Today, the European interconnected grid guarantees a secure supply of electricity for over 30 countries and over 530 million consumers. The exchange of electricity enables power shortages in individual countries to be overcome and overloading to be avoided. Thanks to this international cooperation, it is also possible to compensate for power plant failures or overproduction. This benefits grid security and, ultimately, every single consumer.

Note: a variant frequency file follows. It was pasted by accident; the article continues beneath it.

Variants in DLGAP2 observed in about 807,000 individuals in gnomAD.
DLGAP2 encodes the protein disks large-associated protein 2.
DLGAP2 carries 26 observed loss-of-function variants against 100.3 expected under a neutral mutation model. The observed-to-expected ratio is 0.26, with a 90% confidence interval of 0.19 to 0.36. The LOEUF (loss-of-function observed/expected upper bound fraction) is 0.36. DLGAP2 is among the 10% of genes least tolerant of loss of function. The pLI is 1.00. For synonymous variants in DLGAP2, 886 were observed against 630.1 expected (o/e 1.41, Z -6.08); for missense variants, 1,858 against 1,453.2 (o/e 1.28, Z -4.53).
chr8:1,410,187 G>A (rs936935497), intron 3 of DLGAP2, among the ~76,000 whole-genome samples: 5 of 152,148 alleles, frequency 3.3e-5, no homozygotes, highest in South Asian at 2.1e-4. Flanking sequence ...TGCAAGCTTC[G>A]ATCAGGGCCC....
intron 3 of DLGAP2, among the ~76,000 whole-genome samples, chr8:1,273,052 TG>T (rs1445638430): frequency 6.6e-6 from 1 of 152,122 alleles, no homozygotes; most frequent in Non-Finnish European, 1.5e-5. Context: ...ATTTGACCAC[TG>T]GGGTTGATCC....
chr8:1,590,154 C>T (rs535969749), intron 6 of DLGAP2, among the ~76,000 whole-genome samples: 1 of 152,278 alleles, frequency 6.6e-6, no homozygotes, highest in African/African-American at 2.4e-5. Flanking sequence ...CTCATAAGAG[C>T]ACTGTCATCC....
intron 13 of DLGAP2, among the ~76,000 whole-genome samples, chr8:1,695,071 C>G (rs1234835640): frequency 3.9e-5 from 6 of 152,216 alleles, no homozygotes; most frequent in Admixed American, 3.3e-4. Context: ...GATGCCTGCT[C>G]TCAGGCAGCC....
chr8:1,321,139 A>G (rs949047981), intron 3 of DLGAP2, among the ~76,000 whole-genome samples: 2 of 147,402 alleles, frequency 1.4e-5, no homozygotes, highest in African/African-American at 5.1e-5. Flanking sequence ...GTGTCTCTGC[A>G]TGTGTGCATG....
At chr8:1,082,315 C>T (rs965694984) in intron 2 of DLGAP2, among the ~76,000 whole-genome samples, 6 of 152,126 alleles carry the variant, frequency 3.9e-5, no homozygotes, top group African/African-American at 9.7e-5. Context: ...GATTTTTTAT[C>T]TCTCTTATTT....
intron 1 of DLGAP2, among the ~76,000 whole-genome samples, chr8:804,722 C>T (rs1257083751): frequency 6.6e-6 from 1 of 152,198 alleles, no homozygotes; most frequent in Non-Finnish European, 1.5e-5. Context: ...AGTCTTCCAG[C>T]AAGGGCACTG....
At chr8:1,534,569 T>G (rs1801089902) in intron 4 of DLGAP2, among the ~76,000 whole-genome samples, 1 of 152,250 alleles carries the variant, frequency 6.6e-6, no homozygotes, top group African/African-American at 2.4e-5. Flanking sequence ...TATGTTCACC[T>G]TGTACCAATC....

The interconnected grid is geared to the topography and the energy availability in the individual regions. This includes, for example, wind energy from the North Sea, Spain and Portugal, as well as solar energy from Southern Europe and North Africa. The Swiss electricity grid, a key element of the European interconnected grid, links the north of Europe with the south across the Alps. At the same time, the Alps act as an important energy storage facility for the whole of Europe, with large quantities of energy being stored in Switzerland’s reservoirs and drawn upon when needed.